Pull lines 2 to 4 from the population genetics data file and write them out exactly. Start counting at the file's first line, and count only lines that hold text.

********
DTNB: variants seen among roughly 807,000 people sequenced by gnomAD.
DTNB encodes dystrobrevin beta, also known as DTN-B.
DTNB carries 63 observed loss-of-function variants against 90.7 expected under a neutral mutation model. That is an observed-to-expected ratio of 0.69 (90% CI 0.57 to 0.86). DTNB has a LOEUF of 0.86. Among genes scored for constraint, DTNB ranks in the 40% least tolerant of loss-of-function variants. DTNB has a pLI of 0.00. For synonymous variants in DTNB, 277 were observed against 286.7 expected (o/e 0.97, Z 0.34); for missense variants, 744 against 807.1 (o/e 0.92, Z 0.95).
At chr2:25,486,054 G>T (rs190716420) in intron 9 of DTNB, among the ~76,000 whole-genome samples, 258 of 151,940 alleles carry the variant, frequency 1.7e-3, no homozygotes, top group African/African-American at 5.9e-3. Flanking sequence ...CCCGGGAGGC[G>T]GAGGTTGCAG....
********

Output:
DTNB encodes dystrobrevin beta, also known as DTN-B.
DTNB carries 63 observed loss-of-function variants against 90.7 expected under a neutral mutation model. That is an observed-to-expected ratio of 0.69 (90% CI 0.57 to 0.86). DTNB has a LOEUF of 0.86. Among genes scored for constraint, DTNB ranks in the 40% least tolerant of loss-of-function variants. DTNB has a pLI of 0.00. For synonymous variants in DTNB, 277 were observed against 286.7 expected (o/e 0.97, Z 0.34); for missense variants, 744 against 807.1 (o/e 0.92, Z 0.95).
At chr2:25,486,054 G>T (rs190716420) in intron 9 of DTNB, among the ~76,000 whole-genome samples, 258 of 151,940 alleles carry the variant, frequency 1.7e-3, no homozygotes, top group African/African-American at 5.9e-3. Flanking sequence ...CCCGGGAGGC[G>T]GAGGTTGCAG....